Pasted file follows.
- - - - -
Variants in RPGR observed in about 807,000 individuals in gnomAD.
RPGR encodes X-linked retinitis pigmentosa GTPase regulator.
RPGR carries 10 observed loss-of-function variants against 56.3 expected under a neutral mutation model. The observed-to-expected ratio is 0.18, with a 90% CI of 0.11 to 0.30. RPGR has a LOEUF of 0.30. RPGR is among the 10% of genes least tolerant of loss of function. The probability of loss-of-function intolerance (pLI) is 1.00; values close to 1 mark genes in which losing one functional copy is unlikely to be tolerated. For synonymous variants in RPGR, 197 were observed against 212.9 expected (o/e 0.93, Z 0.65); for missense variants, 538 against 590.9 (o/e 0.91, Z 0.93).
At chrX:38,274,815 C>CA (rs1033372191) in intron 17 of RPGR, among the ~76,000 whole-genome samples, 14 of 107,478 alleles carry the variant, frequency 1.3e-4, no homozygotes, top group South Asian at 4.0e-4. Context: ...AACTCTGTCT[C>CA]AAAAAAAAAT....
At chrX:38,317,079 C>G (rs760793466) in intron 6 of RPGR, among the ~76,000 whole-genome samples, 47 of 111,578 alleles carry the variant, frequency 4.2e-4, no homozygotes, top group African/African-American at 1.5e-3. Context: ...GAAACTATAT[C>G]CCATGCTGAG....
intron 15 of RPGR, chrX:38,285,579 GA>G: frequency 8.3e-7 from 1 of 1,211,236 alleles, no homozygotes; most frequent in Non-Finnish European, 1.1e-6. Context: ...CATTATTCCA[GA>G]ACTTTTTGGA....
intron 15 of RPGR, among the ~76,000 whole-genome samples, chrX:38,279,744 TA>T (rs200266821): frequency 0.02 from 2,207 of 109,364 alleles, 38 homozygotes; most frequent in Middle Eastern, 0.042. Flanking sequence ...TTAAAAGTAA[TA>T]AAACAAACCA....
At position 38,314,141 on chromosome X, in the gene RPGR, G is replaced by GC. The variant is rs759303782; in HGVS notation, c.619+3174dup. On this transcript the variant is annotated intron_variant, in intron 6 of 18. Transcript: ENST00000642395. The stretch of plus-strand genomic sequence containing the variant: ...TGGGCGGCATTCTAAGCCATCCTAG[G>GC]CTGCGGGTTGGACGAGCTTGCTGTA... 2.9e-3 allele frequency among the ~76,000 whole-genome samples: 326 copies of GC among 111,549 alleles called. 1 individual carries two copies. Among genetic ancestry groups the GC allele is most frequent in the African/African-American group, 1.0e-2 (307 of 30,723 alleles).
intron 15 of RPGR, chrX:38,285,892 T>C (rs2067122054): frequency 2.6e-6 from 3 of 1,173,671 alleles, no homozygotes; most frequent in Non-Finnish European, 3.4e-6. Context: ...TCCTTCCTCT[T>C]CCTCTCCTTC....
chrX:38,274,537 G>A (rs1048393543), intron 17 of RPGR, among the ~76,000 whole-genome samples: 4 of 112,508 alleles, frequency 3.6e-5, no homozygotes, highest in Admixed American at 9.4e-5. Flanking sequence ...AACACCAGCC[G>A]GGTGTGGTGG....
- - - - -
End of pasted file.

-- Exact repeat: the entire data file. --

Variants in RPGR observed in about 807,000 individuals in gnomAD.
RPGR encodes X-linked retinitis pigmentosa GTPase regulator.
RPGR carries 10 observed loss-of-function variants against 56.3 expected under a neutral mutation model. The observed-to-expected ratio is 0.18, with a 90% CI of 0.11 to 0.30. RPGR has a LOEUF of 0.30. RPGR is among the 10% of genes least tolerant of loss of function. The probability of loss-of-function intolerance (pLI) is 1.00; values close to 1 mark genes in which losing one functional copy is unlikely to be tolerated. For synonymous variants in RPGR, 197 were observed against 212.9 expected (o/e 0.93, Z 0.65); for missense variants, 538 against 590.9 (o/e 0.91, Z 0.93).
At chrX:38,274,815 C>CA (rs1033372191) in intron 17 of RPGR, among the ~76,000 whole-genome samples, 14 of 107,478 alleles carry the variant, frequency 1.3e-4, no homozygotes, top group South Asian at 4.0e-4. Context: ...AACTCTGTCT[C>CA]AAAAAAAAAT....
At chrX:38,317,079 C>G (rs760793466) in intron 6 of RPGR, among the ~76,000 whole-genome samples, 47 of 111,578 alleles carry the variant, frequency 4.2e-4, no homozygotes, top group African/African-American at 1.5e-3. Context: ...GAAACTATAT[C>G]CCATGCTGAG....
intron 15 of RPGR, chrX:38,285,579 GA>G: frequency 8.3e-7 from 1 of 1,211,236 alleles, no homozygotes; most frequent in Non-Finnish European, 1.1e-6. Context: ...CATTATTCCA[GA>G]ACTTTTTGGA....
intron 15 of RPGR, among the ~76,000 whole-genome samples, chrX:38,279,744 TA>T (rs200266821): frequency 0.02 from 2,207 of 109,364 alleles, 38 homozygotes; most frequent in Middle Eastern, 0.042. Flanking sequence ...TTAAAAGTAA[TA>T]AAACAAACCA....
At position 38,314,141 on chromosome X, in the gene RPGR, G is replaced by GC. The variant is rs759303782; in HGVS notation, c.619+3174dup. On this transcript the variant is annotated intron_variant, in intron 6 of 18. Transcript: ENST00000642395. The stretch of plus-strand genomic sequence containing the variant: ...TGGGCGGCATTCTAAGCCATCCTAG[G>GC]CTGCGGGTTGGACGAGCTTGCTGTA... 2.9e-3 allele frequency among the ~76,000 whole-genome samples: 326 copies of GC among 111,549 alleles called. 1 individual carries two copies. Among genetic ancestry groups the GC allele is most frequent in the African/African-American group, 1.0e-2 (307 of 30,723 alleles).
intron 15 of RPGR, chrX:38,285,892 T>C (rs2067122054): frequency 2.6e-6 from 3 of 1,173,671 alleles, no homozygotes; most frequent in Non-Finnish European, 3.4e-6. Context: ...TCCTTCCTCT[T>C]CCTCTCCTTC....
chrX:38,274,537 G>A (rs1048393543), intron 17 of RPGR, among the ~76,000 whole-genome samples: 4 of 112,508 alleles, frequency 3.6e-5, no homozygotes, highest in Admixed American at 9.4e-5. Flanking sequence ...AACACCAGCC[G>A]GGTGTGGTGG....